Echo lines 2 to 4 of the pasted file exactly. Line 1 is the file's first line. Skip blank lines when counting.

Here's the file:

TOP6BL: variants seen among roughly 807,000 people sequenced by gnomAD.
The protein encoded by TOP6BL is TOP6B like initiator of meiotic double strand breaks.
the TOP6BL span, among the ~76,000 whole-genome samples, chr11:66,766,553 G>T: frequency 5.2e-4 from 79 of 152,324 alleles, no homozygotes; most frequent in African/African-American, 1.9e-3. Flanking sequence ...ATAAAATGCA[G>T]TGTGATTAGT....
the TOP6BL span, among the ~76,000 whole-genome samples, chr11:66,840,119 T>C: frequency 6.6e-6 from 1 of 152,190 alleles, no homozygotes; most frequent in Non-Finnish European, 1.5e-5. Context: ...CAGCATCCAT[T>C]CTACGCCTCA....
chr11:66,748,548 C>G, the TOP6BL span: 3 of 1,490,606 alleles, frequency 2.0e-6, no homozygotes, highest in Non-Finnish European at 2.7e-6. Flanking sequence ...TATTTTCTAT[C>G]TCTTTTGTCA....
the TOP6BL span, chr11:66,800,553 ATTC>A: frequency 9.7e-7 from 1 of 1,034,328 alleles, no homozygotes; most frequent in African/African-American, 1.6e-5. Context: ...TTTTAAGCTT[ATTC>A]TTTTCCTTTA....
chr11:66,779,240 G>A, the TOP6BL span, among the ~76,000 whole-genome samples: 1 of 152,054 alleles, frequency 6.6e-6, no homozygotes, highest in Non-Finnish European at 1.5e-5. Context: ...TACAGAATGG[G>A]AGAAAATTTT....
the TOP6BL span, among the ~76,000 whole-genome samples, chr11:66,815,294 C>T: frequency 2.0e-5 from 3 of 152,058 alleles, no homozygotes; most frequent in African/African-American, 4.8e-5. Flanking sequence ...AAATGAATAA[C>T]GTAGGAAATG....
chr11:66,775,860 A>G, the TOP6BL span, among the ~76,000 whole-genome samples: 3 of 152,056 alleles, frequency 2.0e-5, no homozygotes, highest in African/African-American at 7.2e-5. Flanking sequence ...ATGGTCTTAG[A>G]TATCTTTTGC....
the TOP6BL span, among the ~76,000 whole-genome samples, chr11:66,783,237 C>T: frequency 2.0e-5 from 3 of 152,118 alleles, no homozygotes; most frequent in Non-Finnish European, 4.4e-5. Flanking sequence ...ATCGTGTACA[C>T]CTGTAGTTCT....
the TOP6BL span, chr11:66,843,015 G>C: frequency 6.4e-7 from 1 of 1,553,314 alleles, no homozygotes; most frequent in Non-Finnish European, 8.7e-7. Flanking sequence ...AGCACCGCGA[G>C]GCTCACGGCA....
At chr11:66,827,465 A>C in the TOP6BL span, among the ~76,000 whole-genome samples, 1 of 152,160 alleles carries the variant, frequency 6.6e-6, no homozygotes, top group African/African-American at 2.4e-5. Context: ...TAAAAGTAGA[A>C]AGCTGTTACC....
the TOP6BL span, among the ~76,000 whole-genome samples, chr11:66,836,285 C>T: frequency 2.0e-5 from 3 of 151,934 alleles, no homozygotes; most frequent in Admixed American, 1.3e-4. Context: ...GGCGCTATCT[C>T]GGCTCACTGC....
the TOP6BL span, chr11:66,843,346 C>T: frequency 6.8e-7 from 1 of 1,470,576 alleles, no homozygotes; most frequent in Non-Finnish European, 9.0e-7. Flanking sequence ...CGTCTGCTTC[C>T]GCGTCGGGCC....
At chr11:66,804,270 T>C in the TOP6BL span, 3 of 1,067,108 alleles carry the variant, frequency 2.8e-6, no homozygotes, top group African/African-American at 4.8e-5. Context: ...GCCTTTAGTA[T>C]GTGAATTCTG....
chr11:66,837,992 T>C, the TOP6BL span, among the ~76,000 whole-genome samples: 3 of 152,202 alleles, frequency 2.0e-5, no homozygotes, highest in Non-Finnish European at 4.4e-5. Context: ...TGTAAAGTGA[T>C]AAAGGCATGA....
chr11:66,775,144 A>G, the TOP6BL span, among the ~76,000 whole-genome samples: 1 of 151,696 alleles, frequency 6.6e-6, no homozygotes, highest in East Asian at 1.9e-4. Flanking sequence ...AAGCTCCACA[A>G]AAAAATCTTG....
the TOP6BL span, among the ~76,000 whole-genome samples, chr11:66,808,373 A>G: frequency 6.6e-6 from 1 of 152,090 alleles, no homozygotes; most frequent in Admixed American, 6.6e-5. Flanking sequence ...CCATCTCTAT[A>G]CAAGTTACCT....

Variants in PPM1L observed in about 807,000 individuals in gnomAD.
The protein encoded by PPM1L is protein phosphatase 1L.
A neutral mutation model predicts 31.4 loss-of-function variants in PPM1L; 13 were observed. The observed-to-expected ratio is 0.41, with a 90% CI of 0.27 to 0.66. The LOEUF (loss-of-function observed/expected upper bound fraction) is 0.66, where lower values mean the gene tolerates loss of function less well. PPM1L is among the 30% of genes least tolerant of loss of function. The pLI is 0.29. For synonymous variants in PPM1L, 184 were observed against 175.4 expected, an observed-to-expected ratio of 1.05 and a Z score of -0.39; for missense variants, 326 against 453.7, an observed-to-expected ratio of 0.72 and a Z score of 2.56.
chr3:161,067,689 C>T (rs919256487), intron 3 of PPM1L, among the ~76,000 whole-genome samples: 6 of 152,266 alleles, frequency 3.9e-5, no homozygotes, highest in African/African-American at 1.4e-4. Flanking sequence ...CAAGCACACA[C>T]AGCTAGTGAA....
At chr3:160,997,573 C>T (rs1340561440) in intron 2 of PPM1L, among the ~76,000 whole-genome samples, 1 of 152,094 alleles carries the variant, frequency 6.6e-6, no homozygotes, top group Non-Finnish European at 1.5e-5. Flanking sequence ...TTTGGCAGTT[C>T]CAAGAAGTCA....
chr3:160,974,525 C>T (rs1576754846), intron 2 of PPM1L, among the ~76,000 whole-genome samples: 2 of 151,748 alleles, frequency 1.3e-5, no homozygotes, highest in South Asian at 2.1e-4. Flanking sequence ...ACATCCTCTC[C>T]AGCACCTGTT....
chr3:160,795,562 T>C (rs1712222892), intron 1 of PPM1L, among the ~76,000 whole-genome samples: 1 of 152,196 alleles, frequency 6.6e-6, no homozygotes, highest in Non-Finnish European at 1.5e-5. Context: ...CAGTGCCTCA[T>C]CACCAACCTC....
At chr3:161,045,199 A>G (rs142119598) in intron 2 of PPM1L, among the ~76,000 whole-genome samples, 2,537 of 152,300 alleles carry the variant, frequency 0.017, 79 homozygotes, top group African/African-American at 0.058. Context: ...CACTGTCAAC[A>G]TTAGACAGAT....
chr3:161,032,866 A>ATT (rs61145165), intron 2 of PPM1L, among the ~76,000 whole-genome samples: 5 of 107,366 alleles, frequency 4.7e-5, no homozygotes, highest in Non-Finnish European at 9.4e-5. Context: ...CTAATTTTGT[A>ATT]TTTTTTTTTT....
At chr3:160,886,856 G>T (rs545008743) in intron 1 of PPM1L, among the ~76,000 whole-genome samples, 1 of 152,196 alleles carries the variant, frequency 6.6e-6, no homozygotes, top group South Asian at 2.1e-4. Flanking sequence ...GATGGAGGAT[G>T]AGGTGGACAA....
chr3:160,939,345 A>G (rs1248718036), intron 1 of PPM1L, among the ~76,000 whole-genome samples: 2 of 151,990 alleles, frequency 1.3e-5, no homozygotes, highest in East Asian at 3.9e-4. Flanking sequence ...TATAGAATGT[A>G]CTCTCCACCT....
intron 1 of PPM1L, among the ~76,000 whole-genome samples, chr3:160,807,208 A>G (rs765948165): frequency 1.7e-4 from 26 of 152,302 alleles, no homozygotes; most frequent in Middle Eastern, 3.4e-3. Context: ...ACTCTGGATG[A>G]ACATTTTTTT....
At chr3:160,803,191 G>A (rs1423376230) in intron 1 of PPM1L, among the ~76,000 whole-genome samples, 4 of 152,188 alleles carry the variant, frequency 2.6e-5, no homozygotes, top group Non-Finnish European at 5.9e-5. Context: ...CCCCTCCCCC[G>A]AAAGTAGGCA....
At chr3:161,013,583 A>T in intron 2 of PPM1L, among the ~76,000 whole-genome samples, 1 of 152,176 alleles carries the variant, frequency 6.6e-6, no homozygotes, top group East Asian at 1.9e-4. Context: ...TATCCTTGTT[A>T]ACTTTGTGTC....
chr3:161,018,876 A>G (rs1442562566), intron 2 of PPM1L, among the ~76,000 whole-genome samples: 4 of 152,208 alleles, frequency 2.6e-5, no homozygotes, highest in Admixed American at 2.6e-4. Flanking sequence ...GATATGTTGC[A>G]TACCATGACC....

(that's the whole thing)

The protein encoded by TOP6BL is TOP6B like initiator of meiotic double strand breaks.
the TOP6BL span, among the ~76,000 whole-genome samples, chr11:66,766,553 G>T: frequency 5.2e-4 from 79 of 152,324 alleles, no homozygotes; most frequent in African/African-American, 1.9e-3. Flanking sequence ...ATAAAATGCA[G>T]TGTGATTAGT....
the TOP6BL span, among the ~76,000 whole-genome samples, chr11:66,840,119 T>C: frequency 6.6e-6 from 1 of 152,190 alleles, no homozygotes; most frequent in Non-Finnish European, 1.5e-5. Context: ...CAGCATCCAT[T>C]CTACGCCTCA....